This is stated unequivocally in the Code of Practice (para 14.77)

If the doctors reach the opinion that the patient needs to be admitted to hospital, it is their responsibility to take the necessary steps to secure a suitable hospital bed; it is not the responsibility of the AMHP.

While it goes on to say that “in some cases, it could be agreed locally between the local authority and the relevant NHS bodies and communicated to the AMHP that this will be done by any AMHP involved in the assessment,” this is only subject to local agreement.

Usually, the doctor’s duty to find a bed is delegated either to the local Crisis Team (CRHTT) or a bed management team, both of which will be employed by the local Mental Health Trust.

For example, our local AMHP Service arrangements are for the AMHP to notify the relevant  bed management team of the need for a bed. There are separate bed management teams for adults and older people.

While in the past it was a matter of course that a bed was available prior to going out to make an assessment, nowadays, it is increasingly common for AMHP’s to be making assessments under the MHA for people in the community where no bed has been identified at the time of the assessment.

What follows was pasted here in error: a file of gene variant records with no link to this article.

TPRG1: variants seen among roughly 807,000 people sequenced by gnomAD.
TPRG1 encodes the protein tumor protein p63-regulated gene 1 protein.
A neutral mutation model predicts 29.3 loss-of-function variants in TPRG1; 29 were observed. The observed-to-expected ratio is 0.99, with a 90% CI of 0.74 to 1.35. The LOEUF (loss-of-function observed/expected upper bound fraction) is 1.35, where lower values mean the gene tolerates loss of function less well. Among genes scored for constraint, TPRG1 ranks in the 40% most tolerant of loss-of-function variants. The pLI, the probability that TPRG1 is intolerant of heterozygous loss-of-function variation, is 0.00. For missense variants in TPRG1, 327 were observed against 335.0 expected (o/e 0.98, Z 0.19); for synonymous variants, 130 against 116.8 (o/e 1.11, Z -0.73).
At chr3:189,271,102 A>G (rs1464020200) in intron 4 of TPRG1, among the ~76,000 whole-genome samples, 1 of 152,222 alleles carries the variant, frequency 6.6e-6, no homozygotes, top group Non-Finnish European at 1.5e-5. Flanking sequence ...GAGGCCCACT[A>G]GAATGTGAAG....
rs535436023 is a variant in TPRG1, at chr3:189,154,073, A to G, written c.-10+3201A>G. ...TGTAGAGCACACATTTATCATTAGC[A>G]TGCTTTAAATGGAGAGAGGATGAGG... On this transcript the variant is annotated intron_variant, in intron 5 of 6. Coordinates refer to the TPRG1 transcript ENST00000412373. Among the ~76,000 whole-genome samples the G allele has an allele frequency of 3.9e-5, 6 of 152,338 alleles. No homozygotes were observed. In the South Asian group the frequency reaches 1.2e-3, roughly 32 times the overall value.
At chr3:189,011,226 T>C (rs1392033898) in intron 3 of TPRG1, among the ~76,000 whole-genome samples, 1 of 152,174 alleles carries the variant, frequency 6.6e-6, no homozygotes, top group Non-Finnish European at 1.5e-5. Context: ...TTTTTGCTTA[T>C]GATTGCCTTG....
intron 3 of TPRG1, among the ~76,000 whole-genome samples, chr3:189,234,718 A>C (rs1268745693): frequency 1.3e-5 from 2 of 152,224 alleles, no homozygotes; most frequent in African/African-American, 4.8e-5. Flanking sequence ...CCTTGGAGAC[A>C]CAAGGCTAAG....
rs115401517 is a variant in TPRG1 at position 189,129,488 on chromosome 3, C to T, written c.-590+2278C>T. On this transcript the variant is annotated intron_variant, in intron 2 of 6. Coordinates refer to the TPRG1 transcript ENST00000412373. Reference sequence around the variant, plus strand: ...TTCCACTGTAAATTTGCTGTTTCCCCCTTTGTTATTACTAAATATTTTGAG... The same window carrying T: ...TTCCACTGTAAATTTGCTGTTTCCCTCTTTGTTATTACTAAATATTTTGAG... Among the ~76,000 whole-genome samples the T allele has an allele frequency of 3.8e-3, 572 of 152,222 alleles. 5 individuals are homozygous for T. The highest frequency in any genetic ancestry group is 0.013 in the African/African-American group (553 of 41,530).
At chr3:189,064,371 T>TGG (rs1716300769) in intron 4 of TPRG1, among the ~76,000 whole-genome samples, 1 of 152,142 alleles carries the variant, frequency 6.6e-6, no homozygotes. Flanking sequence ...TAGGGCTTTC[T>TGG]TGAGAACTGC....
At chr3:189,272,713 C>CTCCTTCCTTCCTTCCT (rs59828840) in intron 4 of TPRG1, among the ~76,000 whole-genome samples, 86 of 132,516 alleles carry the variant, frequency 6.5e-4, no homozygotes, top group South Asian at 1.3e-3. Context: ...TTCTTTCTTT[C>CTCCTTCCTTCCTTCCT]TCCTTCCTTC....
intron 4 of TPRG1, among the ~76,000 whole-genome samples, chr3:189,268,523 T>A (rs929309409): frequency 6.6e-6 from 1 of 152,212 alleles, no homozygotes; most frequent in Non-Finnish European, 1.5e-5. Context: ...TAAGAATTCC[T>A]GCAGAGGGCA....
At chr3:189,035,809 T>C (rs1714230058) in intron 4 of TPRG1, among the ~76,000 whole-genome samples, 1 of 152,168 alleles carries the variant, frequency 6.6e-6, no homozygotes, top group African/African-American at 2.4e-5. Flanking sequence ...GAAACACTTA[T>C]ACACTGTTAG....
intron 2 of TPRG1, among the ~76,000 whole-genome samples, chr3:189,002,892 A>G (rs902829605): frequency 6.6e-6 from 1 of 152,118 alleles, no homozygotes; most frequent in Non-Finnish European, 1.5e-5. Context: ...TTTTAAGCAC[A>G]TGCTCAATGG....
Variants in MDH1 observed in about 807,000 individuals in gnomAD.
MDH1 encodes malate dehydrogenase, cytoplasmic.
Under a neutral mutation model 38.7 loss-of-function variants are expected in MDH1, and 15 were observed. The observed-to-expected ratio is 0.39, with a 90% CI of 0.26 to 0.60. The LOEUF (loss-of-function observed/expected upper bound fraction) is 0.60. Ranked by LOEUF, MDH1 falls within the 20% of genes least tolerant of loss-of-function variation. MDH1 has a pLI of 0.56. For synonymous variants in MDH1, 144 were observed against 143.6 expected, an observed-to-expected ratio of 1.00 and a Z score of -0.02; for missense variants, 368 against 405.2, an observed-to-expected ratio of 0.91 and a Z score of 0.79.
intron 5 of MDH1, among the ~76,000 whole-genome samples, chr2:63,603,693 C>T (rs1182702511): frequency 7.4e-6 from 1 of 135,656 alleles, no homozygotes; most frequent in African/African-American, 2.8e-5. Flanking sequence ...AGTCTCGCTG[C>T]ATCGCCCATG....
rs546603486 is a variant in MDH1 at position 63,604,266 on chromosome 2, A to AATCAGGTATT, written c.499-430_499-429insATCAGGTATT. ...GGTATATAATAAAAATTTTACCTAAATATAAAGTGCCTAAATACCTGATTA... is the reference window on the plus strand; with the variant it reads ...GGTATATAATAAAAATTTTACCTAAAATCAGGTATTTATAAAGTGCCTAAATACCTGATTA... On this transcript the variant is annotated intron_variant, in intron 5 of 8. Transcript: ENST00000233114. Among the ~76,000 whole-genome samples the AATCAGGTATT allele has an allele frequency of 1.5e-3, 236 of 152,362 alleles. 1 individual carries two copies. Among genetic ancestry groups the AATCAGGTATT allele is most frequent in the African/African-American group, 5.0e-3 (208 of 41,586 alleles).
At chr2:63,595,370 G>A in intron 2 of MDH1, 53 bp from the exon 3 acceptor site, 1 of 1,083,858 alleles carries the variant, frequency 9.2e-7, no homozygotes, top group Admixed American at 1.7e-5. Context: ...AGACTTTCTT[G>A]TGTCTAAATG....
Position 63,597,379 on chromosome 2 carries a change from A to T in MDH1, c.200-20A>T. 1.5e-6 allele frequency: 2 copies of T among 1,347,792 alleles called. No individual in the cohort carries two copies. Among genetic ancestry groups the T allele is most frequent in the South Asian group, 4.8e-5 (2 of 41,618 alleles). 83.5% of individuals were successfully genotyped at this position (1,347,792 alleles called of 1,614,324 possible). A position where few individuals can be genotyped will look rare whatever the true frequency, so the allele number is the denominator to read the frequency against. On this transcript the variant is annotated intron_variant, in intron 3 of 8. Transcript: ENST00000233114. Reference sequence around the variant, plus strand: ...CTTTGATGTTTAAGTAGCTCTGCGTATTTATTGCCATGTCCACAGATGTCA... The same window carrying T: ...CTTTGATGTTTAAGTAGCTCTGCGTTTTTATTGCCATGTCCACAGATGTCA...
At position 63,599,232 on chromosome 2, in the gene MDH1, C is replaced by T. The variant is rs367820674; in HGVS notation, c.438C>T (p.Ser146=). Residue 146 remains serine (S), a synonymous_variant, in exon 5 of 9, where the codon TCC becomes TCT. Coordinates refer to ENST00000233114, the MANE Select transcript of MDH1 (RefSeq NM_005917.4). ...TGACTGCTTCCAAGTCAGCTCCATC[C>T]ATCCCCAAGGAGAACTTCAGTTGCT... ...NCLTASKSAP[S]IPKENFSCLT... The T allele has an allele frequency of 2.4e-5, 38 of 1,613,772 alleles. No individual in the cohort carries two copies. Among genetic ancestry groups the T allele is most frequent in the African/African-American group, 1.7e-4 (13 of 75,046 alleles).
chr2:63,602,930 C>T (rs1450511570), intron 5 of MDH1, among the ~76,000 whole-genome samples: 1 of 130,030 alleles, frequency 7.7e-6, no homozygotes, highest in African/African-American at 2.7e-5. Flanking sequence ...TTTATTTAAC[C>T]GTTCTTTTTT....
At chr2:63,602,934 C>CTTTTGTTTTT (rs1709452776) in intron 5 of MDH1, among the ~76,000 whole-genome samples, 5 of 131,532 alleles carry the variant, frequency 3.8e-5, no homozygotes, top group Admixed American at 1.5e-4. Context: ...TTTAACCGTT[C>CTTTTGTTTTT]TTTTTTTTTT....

This is, of course, because of the huge number of psychiatric beds that have been closed in the last 7 years. This might not have mattered had there been a corresponding increase in community mental health services designed to reduce the need for hospital admission, but as there has at the same time been an actual reduction in community based front line staff, this has resulted in an even greater need for patients to be assessed in crisis and requiring a hospital bed as a matter of urgency.

While the AMHP is often in the firing line, and frequently receiving flak for the failure to find a bed in an emergency, behind the scenes the underlying cause for this appalling situation is the failure of the Clinical Commissioning Groups (CCGs) to comprehend and fulfill their legal requirements.